“What is happening today is we are appreciating the role that our soldiers played in the defeat of fascism which was an evil and Indian soldiers contributed to that defeat", Unnikrishnan adds.
Meanwhile, on Friday, the Commonwealth War Graves Commission (CWGC) while paying tribute to 87,000 Indian soldiers, said “Indians served in theatres of war across the world, including India and Burma, Malaysia, Singapore, and Hong Kong, the Middle East and North Africa, Greece and Italy. They served at sea and in the air, as well as contributing to support and medical care”.
Tracing the India-Russia Connection
Squadron Leader Rana TS Chhina, Secretary of the Centre for Armed Forces Historical Research at the United Service Institution of India, tells Sputnik: “When the supplies to Russia had been cut off (in 1941) following the German invasion, the Iranian route was the only way to keep the supply route open”.
Colonel Behram A. Sahukar, the son of Adi K. Sahukar, who was a major heading one of the units of the Royal Indian Army Supply Corps (RIASC) involved in the supply mission, describes the terrain faced by Indian soldiers to provide supplies.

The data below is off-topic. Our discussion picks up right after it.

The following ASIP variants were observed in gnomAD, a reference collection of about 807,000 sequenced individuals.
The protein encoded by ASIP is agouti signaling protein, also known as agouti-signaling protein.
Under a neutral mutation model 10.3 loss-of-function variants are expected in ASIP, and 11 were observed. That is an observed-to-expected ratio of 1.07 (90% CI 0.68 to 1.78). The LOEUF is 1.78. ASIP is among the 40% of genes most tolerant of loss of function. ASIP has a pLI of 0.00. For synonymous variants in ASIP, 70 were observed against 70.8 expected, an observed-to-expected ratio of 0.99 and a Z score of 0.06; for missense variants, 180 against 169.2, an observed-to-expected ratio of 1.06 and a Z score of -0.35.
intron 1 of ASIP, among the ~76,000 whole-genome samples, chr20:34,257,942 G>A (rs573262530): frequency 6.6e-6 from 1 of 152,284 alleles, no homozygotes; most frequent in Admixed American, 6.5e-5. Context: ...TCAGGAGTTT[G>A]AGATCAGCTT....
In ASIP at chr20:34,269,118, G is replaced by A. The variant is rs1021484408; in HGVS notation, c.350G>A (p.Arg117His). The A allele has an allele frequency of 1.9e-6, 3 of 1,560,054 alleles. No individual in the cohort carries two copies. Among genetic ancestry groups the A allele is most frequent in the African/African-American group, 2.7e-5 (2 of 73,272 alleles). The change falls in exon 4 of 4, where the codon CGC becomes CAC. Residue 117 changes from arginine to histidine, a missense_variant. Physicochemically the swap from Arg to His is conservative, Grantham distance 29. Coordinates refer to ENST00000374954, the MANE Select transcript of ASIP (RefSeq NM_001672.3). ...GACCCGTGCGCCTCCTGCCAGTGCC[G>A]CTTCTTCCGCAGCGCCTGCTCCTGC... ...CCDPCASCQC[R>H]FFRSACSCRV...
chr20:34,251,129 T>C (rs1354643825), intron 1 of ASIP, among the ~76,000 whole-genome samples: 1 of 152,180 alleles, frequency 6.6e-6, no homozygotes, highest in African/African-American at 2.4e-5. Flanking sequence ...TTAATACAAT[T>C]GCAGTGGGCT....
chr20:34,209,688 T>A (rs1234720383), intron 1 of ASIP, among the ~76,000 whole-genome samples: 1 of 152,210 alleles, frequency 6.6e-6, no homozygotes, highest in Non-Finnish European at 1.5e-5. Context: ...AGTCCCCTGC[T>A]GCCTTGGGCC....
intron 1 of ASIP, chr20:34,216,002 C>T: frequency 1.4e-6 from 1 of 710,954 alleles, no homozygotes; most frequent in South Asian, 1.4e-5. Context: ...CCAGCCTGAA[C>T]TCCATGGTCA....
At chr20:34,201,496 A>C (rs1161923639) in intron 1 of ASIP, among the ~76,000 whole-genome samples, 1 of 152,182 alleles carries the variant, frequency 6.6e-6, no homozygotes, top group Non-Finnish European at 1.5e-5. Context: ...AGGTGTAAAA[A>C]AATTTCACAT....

“The road distance was 730-kilometers, only a short distance was paved, the rest was gravel. The trucks used to be loaded right up to their upper limit and there was passes about 6-8,000 ft high", Behram tells Sputnik.
In another such tale of valour, two Indians — Subedar Narayan Rao Nikkam and Naib Subedar Gajendra Singh of the 51 GPT Company of the Royal Indian Army Supply Corps — were decorated by the Soviet Union with one of its highest military awards, the Order of the Red Star.
Bhagwan Chand, third son of Gajendra Singh, recalling his father’s role in the supply mission, said his father continued the journey in spite of being injured. After reaching his destination, he was hospitalised, Chand says while regretting that his father never received any recognition or pecuniary benefit from the Indian government.
The views and opinions expressed in the article do not necessarily reflect those of Sputnik.